Eric English
September 1, 2001

Of the three Mustang body styles that tempted showroom buyers throughout the '60s, the practical hardtop was an obvious choice for the mainstream public. Actually, any of the three body styles were fairly economical-both from a price and a maintenance standpoint, but the hardtop was alone in its ability to offer a decent-sized trunk, good visibility, and an all-weather top in one package. Recognizing the need to appeal to the masses, Ford's advertising generally portrayed hardtops in plain-Jane attire, emphasizing the Mustang's trendy appeal, even when sparsely equipped. In fact, those ads were rather true to life, as a high majority of the 2 million hardtops built during the '65-'73 era were fairly basic rides.

Jerry Walker's '67 GT is a bit different from the picture we've just painted. It breaks the mold that most hardtops were poured into, because it's a loaded-luxury, performance car. Well-equipped Ponies such as this make us want to know more about the story-more about the original owners and why they chose this particular Pony. We wonder about the possibility of a dealer's demo, but unfortunately, these mysteries are seldom uncovered. All Jerry knows for sure is that the original owner purchased the hardtop at Anaheim, California's, McCoy Ford and enjoyed it for the better part of 20 years.

Whoever was the first owner definitely checked off some of the best options available. The GT package is clearly visible, whose best attribute beyond great cosmetics are the mandatory power front discs. Quad exhaust tips announce the presence of a four-barrel powerplant-in this case, the newly introduced 320-horse 390 GT. The engine was rebuilt to stock specs by Kirby Automotive, with the sole exception of a stealthy Pertronix electronic ignition. The requisite California-emissions equipment is present and accounted for and combines with the power steering and air conditioning for a full-up engine compartment. Once inside, the Interior Decor Group and floor console provide plenty of flair, while the four-speed shifter simply begs for a gear-bangin' good time. Should the driver fall to such temptation, a 140-mph speedometer/ 8,000-rpm tachometer combo assures the big FE won't bury the gauges. Jerry believes the unusual instrumentation is a dealer-installed item.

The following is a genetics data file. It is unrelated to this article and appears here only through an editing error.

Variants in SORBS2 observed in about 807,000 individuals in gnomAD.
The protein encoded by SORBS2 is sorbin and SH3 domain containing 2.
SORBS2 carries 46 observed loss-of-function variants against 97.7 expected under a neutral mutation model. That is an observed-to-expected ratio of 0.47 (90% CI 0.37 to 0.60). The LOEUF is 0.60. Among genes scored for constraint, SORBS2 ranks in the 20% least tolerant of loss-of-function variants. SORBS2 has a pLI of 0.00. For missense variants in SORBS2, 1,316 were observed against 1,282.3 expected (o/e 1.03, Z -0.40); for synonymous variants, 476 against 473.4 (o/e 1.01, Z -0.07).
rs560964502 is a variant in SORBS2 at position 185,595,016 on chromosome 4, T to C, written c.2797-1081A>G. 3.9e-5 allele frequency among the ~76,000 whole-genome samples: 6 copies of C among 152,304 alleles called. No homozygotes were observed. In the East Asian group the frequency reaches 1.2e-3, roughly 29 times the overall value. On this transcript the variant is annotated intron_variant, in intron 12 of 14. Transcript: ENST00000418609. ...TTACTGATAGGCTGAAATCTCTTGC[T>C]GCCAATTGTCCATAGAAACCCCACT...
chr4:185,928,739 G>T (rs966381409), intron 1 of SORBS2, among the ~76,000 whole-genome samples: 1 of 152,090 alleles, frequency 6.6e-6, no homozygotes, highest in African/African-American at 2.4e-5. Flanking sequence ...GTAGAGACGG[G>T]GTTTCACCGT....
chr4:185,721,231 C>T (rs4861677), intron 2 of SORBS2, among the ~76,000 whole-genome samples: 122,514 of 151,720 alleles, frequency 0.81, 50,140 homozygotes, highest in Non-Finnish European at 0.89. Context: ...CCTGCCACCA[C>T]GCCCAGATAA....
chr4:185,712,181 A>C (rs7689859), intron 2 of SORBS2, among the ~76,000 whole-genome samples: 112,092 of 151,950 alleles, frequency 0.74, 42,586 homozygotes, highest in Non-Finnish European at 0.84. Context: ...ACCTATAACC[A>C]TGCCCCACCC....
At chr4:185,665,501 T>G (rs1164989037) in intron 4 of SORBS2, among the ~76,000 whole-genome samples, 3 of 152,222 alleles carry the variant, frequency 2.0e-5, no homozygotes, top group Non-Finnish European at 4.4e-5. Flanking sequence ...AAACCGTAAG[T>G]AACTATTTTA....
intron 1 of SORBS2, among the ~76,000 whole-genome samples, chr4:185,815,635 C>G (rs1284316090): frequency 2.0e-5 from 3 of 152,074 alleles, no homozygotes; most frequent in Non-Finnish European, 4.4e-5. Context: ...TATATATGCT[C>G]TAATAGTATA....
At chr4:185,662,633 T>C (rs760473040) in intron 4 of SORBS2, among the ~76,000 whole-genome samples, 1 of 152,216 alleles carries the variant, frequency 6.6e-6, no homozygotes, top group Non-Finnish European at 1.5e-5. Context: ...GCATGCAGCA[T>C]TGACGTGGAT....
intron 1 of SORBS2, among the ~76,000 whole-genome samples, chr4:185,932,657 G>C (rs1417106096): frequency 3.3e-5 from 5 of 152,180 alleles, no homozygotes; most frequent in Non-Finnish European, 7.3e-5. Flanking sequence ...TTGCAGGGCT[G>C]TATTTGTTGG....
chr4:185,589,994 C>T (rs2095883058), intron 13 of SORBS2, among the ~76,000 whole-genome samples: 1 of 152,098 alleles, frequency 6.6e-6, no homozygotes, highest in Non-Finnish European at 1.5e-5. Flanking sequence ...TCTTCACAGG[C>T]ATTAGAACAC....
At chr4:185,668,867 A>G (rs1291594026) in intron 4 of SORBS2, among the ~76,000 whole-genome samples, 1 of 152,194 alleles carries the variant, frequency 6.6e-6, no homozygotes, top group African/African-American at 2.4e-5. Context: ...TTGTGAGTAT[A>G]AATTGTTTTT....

When Jerry acquired the car as the third owner in 1990, the California sun had done a number on all the soft trim, despite the factory-tinted windows. The good news was, the most important part-the body-was straight and rust-free. The few dents and dings were smoothed by Atomic Autobody in Richland, Washington, before the DuPont basecoat/clearcoat in the original Acapulco Blue was applied.

Throughout the restoration, Jerry found it hard to resist making a good thing even better. That philosophy accounts for a smattering of owner-added factory options, such as the AM/FM radio, Comfortweave upholstery, Deluxe steering wheel, Tilt-Away column, Styled Steel wheels, and ribbed rear grille. The grille is a seldom-seen piece, which could be obtained only when the Exterior Decor Group was specified, as it was on Jerry's car. This appealing option added the louvered turn-signal hood, the chrome trunk and wheelwell trim, and pop-open gas cap.

While Jerry is an experienced Mustang enthusiast, this GT was his first full-on restoration effort. Help from friend Bob Keenan and brothers Dave, Tom, and Bill was more than welcomed and came in the form of both encouragement and actual participation. It's been said that many hands make light work, but we know better on this one; in fact, Jerry spent nearly 10 years of off-and-on work getting the '67 to its current condition. The result speaks for itself and reminds us that whether bare bones or fully loaded, the Mustang hardtop is the definitive ponycar.

Fast Facts
The year 1967 was a bit of a quirky year for the GT package. For starters, it was the only year to distinguish between manual and automatic transmissions-stick shift cars received the GT designation in the rocker stripes, while automatics were emblazoned GTA. Either way, the gas cap read GT. As far as power, any of the available V-8 engines would suffice, including the C-code two-barrel 289. This was a notable change from other years of GT production ('65-'66), which mandated four-barrel power. Since the C-code 289 used a single exhaust, these cars didn't receive the quad tips which are normally seen on '67-'68 GTs.

Pop Quiz
Question: Besides the '67 C-code 289, there was one other exception to the four-barrel GT rule. What is the year and the engine?

The '68 X-code two-barrel 390. This seldom-seen midyear offering was available in GT guise, and yes, it carried the quad-tipped dual exhaust.